The ones who do switch over, I'm pretty open with. Generally, they're excited about what they see, and especially that it's free and in English (getting an English copy of Windows is pretty difficult). I say that I'll do everything I can to help them, and I'm generally on call 24/7, even if I don't want to be. In fact, I started this blog simply as support for one of my friends.
During their excitement phase, I caution them that something will come along to bite them eventually. There's nothing for free. The lack of viruses for Linux is in part based on the fragility of the ELF executable and the strong separation between user and administrator, but it's also partly due to the low market share. That low market share has its side-effects.
I've been using Linux for so long now that many things people want to do with their computers don't even occur to me. Scanners? Good luck. Webcams? I couldn't use them for my first five years. Sync your phone? What? Install a printer? Better check the hardware first. Some web page doesn't work? Screw the website, then.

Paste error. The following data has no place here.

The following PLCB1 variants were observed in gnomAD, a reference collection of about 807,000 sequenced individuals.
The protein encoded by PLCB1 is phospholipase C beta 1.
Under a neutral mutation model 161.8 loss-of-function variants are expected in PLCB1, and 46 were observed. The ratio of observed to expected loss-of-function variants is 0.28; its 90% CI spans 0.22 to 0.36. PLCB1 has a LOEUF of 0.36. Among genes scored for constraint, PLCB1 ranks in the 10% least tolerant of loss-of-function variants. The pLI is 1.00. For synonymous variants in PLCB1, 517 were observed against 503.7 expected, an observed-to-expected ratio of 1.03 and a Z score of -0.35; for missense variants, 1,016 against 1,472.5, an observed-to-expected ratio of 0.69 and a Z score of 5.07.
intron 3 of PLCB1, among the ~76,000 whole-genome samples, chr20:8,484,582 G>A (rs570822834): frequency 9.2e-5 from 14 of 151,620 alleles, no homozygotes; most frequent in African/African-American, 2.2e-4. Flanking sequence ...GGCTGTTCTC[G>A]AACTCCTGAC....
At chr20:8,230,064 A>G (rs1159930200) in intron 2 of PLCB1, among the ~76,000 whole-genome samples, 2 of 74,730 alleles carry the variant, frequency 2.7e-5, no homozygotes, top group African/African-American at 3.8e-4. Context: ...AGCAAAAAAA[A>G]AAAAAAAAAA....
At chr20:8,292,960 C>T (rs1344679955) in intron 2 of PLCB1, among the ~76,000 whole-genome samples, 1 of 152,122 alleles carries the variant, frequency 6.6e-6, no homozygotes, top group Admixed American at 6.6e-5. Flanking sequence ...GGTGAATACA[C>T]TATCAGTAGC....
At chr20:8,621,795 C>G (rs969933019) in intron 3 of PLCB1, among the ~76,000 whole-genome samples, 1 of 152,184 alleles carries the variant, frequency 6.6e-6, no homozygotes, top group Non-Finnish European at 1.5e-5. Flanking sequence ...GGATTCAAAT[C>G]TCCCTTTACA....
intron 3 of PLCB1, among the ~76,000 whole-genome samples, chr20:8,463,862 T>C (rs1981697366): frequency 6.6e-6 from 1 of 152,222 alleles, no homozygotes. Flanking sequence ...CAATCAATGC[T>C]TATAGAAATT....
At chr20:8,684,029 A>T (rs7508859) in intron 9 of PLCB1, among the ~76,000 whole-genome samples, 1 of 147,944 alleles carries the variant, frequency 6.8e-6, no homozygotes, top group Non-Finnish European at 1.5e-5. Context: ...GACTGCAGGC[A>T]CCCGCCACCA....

The truth is that most of that stuff works these days. I've been shocked several times lately. The all-in-one printers are still hit and miss. Scanners are much better, but not near 100%.
Some problems my friends have had in the last year:
- The laptop won't hibernate (surprise!)
- My friend can't play his WMAs. I suspect that they're encrypted.
- TV-out on an old Radeon card didn't work well, then it didn't support widescreen.
- An MTP portable player didn't used to be easy to use at all.
The point I'm taking the long way around in order to get to is that I've recently tried to do some out-of-my-little-box stuff and have been pleasantly surprised.
- Suspend AND Hibernate both work on my laptop.
- My Xorg.conf file is no longer there and everything happens with XRandR through the System > Preferences > Screen Resolution dialog.
- Wine plays over half the Windows games my gal downloads and tries, though there is some issue with X and the keyboard not responding.
- I can exchange MS Word files with people and do stuff like add notes and track changes.
Sync'ing my Samsung cell phones, though? Get real. It'll never happen.